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Re: [spr8043] Allegro 4.1 on a Sparc 10

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>> I'm sending this as a bug-report as well as to the mailing list
>> because I'm hoping to get some information from both Franz and other
>> Allegro users.  My basic question is, why isn't my Allegro code very
>> much faster on a Sparc 10 than a Sparc 2?
>> I'm running Allegro CL 4.1 [SPARC; R1].  The first thing to say is
>> that a standard Allegro image cannot run on both a 10 and a non-10
>> (something to do with the stack location).  So we installed the
>> relevant patches, and now have an image that can run on both.  To my
>> vast disappointment, however, my system (a natural language
>> understander) runs only marginally faster on the 10 (approximately 1.4
>> times faster).
>> Now, if I remember right, a 10 is supposed to have approximately 2.5
>> to 3 times the cojones of a 2, measured in spec marks.  Some simple,
>> purely numeric test code that I wrote does indeed run at least 3 times
>> faster.  Even some simple, non-numeric test code (lots of consing,
>> calls to MEMBER, EQUAL, etc.) runs about twice as fast.
>> But my big, hairy, heavily CLOSified system just isn't that much
>> faster.  Just to make sure it wasn't the patched image, I compared the
>> unpatched and the patched Allegro (on a Sparc 2), and there was no
>> appreciable difference in performance.
>> So, do any other users have any experience with 10s yet?  Does Franz
>> have any intuitions about this situation?
>> I'd greatly appreciate any information.  I imagine the mailing list as
>> a whole would be interested as well.

My thanks to those others who have submitted answers to your question.
An oversimplified encapsulation of what they stated is "your mileage may
vary."  Of course, we can't just leave it at that, and we have been doing
some research into this phenomenon.


 When we first heard of this problem from another customer in November, we
asked Sun about it.  Sun loaned us a Sparc 10 Model 30 for a month, since
we had none of our own to run any experiments on.  We gathered some initial
findings, some of which resulted in some immediate speedups in development
versions of Allegro CL.  At the end of the month, we decided that we should
purchse a Sparc 10 of our own.  We have now received this Sparc 10/30, and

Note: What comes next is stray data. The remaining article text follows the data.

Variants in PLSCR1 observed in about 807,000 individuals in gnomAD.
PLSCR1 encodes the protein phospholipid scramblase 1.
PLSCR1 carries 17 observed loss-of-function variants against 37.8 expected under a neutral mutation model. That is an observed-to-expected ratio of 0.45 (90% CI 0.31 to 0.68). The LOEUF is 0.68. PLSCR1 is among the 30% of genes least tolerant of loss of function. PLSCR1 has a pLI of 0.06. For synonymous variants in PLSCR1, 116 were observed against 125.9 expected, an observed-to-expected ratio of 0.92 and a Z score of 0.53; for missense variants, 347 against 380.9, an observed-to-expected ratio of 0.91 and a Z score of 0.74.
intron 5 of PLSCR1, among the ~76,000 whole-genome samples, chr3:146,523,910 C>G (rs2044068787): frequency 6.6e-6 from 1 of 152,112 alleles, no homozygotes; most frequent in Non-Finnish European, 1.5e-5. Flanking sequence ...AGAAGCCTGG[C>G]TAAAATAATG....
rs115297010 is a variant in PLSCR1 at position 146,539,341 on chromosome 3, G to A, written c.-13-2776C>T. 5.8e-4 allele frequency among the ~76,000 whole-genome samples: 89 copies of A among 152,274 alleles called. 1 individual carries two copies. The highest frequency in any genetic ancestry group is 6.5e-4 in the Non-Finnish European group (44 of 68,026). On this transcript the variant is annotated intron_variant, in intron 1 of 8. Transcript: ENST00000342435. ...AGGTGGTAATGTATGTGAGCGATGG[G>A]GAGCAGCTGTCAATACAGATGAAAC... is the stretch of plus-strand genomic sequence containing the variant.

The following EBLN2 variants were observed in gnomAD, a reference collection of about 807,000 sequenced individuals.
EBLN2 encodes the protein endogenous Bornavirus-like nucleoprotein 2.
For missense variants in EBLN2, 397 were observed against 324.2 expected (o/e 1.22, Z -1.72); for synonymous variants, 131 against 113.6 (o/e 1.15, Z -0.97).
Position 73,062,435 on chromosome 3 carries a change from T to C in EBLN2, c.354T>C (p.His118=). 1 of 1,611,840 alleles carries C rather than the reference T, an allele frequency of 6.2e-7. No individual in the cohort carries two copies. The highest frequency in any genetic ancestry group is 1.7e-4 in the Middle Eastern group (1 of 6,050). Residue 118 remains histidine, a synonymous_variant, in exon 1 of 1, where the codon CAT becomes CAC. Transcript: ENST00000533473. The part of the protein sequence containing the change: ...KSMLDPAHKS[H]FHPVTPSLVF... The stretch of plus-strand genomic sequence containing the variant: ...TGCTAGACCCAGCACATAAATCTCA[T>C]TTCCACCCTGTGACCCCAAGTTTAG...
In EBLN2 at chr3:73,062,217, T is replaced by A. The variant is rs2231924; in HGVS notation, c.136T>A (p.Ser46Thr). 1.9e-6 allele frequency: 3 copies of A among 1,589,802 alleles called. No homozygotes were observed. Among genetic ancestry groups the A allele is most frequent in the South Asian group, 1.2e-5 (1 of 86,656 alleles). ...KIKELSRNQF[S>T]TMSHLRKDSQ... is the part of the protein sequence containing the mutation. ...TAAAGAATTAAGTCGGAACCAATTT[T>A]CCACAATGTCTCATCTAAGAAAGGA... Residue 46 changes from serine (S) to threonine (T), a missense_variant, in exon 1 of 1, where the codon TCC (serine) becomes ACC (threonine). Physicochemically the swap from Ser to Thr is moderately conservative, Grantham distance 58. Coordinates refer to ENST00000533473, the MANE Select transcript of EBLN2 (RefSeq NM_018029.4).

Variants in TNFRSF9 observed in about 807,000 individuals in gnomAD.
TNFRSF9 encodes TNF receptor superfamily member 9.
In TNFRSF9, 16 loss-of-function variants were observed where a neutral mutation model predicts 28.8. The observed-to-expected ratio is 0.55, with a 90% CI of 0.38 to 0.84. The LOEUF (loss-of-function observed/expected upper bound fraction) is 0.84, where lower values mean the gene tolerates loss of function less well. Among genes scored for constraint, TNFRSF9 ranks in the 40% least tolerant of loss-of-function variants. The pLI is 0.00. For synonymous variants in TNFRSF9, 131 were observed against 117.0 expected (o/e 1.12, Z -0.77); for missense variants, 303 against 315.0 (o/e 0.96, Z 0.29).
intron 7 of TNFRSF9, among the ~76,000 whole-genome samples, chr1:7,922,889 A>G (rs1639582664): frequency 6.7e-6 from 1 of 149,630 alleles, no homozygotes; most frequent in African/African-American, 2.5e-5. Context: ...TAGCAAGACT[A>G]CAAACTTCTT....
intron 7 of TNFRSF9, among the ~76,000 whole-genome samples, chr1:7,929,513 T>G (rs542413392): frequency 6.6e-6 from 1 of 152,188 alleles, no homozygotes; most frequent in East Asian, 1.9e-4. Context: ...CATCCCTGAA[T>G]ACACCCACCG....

will continue to work on characterizing and speeding up the lisp so that it
scales better on the 10.

Where improvements to the lisp are possible, I have beeen working in some
cases on Allegro CL 4.1, but most of my effort has been spent in the 4.2
development sources, since it has the best chance of significant improvements.
Allegro CL 4.2 has a different compiler that does a better job of register
allocation and allows such features as unboxed 32-bit integers, functions 
that don't link in a stack frame, and tail-call elimination (very useful
for this study).  Allegro CL 4.2 also has 30-bit fixnums (although the
currently released 4.2.beta.0 still has 29-bit fixnums) which provides
advantages for array accessing.  In all cases that I refer to Allegro CL 4.2
below, I am referring to the current development version, and not to any
released version (as of yet).

Initial Findings:

Certain aspects of the Sparc 10 do not scale up from the Sparc 2 as well as
others.  The cpu itself is certainly fast, but so far we have found several
areas which affect lisp performance:

 1. Register-window saving/restoring:  The 10/30 seems to take longer to
save out its register-window set than the sparc 2.  Thus, if the program you
are running does deep recursion, windows will be saved more, and the total
run time will increase.

In Allegro CL, the deepest recursion tendency is in CLOS and closified
streams code.  I spent some time tuning the streams code with the specific
idea in mind that the code should be "flattened out" using tail-call-merging
and functions that do not link in a stack frame (i.e. functions that do not
use the "save" and "restore" instructions).  There is still some work that
needs to be done in this area, and since we did not get long with the
loaner Sparc 10, we could not do accurate measurements of how well the
optimizations did (bear in mind that the same optimizations are also likely
to speed up operations on the sparc2 as well!).